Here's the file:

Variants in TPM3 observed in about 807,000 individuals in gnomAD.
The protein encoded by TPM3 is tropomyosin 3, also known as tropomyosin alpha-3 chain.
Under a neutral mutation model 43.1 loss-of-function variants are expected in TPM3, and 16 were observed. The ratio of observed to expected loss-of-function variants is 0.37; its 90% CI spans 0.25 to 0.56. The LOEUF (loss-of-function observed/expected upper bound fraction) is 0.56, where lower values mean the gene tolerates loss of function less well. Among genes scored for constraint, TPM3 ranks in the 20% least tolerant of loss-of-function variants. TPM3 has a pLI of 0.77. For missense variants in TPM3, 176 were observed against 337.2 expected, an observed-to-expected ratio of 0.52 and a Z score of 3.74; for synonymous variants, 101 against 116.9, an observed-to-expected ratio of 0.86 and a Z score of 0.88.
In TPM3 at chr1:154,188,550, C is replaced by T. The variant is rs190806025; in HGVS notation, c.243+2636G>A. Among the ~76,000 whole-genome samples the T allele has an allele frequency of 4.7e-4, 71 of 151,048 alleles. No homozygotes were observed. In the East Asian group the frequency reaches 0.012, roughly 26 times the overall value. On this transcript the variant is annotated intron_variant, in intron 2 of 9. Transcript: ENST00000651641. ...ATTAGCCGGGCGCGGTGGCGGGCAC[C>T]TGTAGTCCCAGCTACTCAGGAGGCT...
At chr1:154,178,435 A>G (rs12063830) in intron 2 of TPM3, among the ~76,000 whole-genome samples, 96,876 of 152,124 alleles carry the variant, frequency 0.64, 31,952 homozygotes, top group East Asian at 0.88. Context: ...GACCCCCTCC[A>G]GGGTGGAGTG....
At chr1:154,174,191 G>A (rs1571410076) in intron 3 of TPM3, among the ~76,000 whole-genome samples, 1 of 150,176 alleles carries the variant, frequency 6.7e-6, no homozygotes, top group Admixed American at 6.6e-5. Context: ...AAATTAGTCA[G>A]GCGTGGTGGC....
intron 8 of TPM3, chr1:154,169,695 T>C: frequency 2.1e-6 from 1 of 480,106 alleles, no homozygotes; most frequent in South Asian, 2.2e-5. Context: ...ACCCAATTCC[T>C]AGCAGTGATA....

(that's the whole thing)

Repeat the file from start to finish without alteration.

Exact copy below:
Variants in TPM3 observed in about 807,000 individuals in gnomAD.
The protein encoded by TPM3 is tropomyosin 3, also known as tropomyosin alpha-3 chain.
Under a neutral mutation model 43.1 loss-of-function variants are expected in TPM3, and 16 were observed. The ratio of observed to expected loss-of-function variants is 0.37; its 90% CI spans 0.25 to 0.56. The LOEUF (loss-of-function observed/expected upper bound fraction) is 0.56, where lower values mean the gene tolerates loss of function less well. Among genes scored for constraint, TPM3 ranks in the 20% least tolerant of loss-of-function variants. TPM3 has a pLI of 0.77. For missense variants in TPM3, 176 were observed against 337.2 expected, an observed-to-expected ratio of 0.52 and a Z score of 3.74; for synonymous variants, 101 against 116.9, an observed-to-expected ratio of 0.86 and a Z score of 0.88.
In TPM3 at chr1:154,188,550, C is replaced by T. The variant is rs190806025; in HGVS notation, c.243+2636G>A. Among the ~76,000 whole-genome samples the T allele has an allele frequency of 4.7e-4, 71 of 151,048 alleles. No homozygotes were observed. In the East Asian group the frequency reaches 0.012, roughly 26 times the overall value. On this transcript the variant is annotated intron_variant, in intron 2 of 9. Transcript: ENST00000651641. ...ATTAGCCGGGCGCGGTGGCGGGCAC[C>T]TGTAGTCCCAGCTACTCAGGAGGCT...
At chr1:154,178,435 A>G (rs12063830) in intron 2 of TPM3, among the ~76,000 whole-genome samples, 96,876 of 152,124 alleles carry the variant, frequency 0.64, 31,952 homozygotes, top group East Asian at 0.88. Context: ...GACCCCCTCC[A>G]GGGTGGAGTG....
At chr1:154,174,191 G>A (rs1571410076) in intron 3 of TPM3, among the ~76,000 whole-genome samples, 1 of 150,176 alleles carries the variant, frequency 6.7e-6, no homozygotes, top group Admixed American at 6.6e-5. Context: ...AAATTAGTCA[G>A]GCGTGGTGGC....
intron 8 of TPM3, chr1:154,169,695 T>C: frequency 2.1e-6 from 1 of 480,106 alleles, no homozygotes; most frequent in South Asian, 2.2e-5. Context: ...ACCCAATTCC[T>C]AGCAGTGATA....